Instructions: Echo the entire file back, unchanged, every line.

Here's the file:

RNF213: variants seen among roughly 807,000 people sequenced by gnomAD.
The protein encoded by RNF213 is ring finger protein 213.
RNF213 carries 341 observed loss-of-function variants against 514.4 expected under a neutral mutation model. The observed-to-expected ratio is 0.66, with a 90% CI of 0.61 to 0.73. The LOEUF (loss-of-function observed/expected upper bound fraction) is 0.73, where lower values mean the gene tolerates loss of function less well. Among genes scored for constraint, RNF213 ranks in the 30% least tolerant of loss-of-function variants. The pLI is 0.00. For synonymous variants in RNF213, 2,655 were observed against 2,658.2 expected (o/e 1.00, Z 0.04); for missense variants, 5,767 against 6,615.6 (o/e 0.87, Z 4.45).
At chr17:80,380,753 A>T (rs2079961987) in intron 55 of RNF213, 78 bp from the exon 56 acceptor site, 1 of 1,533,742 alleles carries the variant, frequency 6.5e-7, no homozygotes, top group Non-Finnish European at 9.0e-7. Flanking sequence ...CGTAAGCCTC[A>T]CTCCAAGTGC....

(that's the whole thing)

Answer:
RNF213: variants seen among roughly 807,000 people sequenced by gnomAD.
The protein encoded by RNF213 is ring finger protein 213.
RNF213 carries 341 observed loss-of-function variants against 514.4 expected under a neutral mutation model. The observed-to-expected ratio is 0.66, with a 90% CI of 0.61 to 0.73. The LOEUF (loss-of-function observed/expected upper bound fraction) is 0.73, where lower values mean the gene tolerates loss of function less well. Among genes scored for constraint, RNF213 ranks in the 30% least tolerant of loss-of-function variants. The pLI is 0.00. For synonymous variants in RNF213, 2,655 were observed against 2,658.2 expected (o/e 1.00, Z 0.04); for missense variants, 5,767 against 6,615.6 (o/e 0.87, Z 4.45).
At chr17:80,380,753 A>T (rs2079961987) in intron 55 of RNF213, 78 bp from the exon 56 acceptor site, 1 of 1,533,742 alleles carries the variant, frequency 6.5e-7, no homozygotes, top group Non-Finnish European at 9.0e-7. Flanking sequence ...CGTAAGCCTC[A>T]CTCCAAGTGC....